Your IT organization won't be successful without this one essential characteristic

Your IT organization won't be successful without this one essential characteristic

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CIO Managing Your Boss

One thing you discover quickly in IT is that all the simple problems have been solved. The complex problems are the ones that are most interesting, and complex problems are always contentious. And so building a team that moves at the speed of trust but that truly values candor and differing points of view is the hardest part of being a CIO.

In other words, you don’t want the Kennedy Administration groupthink that led to the Bay of Pigs disaster, where everybody agreed even though some people secretly disagreed. You want candor in those conversations, you want people looking at the issue from all sides.

If you think of your next project as taking an island, you’d want some people on the team to be swimmers that are willing to jump in and test the waters, even if there are sharks there. You’d want some people that are shark spotters who prefer to stay on the shore and protect the interest of the swimmers. And you want some people who value organizational culture and long-term impact that are holding onto the flag on the original island. Risk-takers, early adopters, and cultural mainstays: you need all three groups on your team.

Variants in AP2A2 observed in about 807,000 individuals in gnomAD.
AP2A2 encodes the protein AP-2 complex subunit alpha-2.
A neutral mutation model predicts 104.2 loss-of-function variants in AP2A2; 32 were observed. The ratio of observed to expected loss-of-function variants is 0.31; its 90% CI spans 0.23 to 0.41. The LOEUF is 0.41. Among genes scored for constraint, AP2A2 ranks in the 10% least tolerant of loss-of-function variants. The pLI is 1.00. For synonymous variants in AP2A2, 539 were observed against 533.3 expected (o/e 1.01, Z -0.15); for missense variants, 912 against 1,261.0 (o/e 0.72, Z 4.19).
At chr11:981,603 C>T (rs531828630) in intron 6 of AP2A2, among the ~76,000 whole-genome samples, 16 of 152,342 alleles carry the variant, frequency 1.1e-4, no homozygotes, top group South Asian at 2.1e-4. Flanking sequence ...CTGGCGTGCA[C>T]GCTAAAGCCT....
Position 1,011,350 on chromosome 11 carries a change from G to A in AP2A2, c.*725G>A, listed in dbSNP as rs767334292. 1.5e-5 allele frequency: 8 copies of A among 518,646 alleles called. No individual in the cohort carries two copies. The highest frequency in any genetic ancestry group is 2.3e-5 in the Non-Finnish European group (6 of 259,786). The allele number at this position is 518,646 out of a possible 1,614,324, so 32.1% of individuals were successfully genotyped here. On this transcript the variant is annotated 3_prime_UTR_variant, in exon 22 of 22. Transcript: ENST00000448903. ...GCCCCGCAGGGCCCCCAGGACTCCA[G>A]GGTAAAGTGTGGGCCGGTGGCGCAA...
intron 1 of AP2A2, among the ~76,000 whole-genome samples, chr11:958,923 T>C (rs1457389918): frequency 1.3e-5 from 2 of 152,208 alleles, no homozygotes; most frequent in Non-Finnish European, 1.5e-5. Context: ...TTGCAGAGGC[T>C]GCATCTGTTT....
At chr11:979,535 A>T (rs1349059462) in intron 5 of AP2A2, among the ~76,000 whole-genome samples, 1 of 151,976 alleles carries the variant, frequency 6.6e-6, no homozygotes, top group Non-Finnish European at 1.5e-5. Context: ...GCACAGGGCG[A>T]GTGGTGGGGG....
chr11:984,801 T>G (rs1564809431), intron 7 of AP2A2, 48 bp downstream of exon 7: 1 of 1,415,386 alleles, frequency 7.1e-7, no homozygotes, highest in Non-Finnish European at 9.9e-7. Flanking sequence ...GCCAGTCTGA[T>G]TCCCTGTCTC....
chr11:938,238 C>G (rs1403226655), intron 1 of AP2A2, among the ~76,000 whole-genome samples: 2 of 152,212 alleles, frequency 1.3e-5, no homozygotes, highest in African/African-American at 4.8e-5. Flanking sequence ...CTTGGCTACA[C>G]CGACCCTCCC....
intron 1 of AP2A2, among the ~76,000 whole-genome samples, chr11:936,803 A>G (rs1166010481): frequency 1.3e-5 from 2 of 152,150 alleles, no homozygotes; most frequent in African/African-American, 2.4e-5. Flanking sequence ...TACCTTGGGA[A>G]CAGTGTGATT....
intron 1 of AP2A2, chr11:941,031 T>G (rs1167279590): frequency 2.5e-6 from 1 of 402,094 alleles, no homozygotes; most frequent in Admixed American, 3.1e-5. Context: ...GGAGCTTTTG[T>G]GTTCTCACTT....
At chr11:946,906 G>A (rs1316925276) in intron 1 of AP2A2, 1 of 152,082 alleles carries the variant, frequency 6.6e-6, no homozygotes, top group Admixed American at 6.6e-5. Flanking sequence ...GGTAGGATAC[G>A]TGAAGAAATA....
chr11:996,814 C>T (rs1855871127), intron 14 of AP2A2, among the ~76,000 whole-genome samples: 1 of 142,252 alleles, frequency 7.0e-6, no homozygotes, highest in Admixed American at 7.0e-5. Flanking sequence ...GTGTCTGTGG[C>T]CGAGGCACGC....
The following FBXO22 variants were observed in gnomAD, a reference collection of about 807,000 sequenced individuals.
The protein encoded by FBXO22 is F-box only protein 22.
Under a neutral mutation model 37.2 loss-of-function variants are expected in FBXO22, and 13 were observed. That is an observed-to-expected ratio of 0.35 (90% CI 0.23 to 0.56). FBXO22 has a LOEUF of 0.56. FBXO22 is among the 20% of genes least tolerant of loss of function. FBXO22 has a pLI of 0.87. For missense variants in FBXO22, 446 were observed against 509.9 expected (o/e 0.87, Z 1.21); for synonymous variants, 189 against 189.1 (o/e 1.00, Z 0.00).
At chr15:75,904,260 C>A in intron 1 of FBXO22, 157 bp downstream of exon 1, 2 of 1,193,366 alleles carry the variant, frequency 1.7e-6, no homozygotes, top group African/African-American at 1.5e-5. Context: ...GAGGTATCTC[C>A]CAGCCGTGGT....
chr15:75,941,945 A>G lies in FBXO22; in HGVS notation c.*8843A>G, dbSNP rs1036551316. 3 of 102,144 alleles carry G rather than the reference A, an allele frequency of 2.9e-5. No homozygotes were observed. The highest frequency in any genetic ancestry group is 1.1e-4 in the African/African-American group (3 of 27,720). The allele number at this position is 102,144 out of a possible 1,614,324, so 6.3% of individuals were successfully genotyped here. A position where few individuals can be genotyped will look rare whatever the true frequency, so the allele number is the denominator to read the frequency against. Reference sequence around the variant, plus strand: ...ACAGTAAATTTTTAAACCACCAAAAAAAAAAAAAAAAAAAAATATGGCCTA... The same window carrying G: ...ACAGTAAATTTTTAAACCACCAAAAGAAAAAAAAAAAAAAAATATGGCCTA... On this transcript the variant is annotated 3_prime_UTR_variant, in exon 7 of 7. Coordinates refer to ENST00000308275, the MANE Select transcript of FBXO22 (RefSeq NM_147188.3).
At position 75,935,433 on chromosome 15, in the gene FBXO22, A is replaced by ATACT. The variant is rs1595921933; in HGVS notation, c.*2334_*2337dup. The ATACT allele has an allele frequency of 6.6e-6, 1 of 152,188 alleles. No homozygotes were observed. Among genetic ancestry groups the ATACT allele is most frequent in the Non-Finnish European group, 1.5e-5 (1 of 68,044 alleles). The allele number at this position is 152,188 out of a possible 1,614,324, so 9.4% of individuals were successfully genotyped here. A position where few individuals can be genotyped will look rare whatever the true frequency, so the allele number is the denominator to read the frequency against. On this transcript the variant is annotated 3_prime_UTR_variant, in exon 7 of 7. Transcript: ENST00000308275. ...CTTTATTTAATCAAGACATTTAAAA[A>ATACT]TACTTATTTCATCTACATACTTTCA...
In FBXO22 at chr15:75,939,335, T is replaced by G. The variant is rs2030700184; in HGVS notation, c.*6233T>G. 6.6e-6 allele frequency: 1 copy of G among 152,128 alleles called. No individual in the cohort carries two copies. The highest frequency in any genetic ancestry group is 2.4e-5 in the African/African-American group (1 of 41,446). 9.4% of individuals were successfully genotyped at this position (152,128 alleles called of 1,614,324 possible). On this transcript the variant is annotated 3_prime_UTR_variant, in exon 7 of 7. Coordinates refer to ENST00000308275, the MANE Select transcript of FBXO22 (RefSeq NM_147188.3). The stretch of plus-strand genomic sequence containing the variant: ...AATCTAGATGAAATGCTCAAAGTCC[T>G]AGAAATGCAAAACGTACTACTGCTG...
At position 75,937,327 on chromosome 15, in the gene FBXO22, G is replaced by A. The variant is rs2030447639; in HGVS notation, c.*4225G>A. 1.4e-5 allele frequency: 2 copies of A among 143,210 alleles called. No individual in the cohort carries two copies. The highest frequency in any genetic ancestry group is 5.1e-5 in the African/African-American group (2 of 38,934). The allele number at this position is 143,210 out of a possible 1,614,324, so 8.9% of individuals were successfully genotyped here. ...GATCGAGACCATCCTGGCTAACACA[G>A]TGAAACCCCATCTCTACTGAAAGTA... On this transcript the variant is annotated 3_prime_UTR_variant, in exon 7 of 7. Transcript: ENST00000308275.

To start moving at the speed of trust, you must have a candid exchange of differing points of view on the same project.

Curtis A. Carver Jr., Ph.D. is the Vice President and Chief Information Officer for the University of Alabama at Birmingham. In this role servant leader and enabler of others, he leads a team of dedicated professionals focused on providing solution to the UAB through world-class IT with a focus on innovation, agility and cost efficiency.

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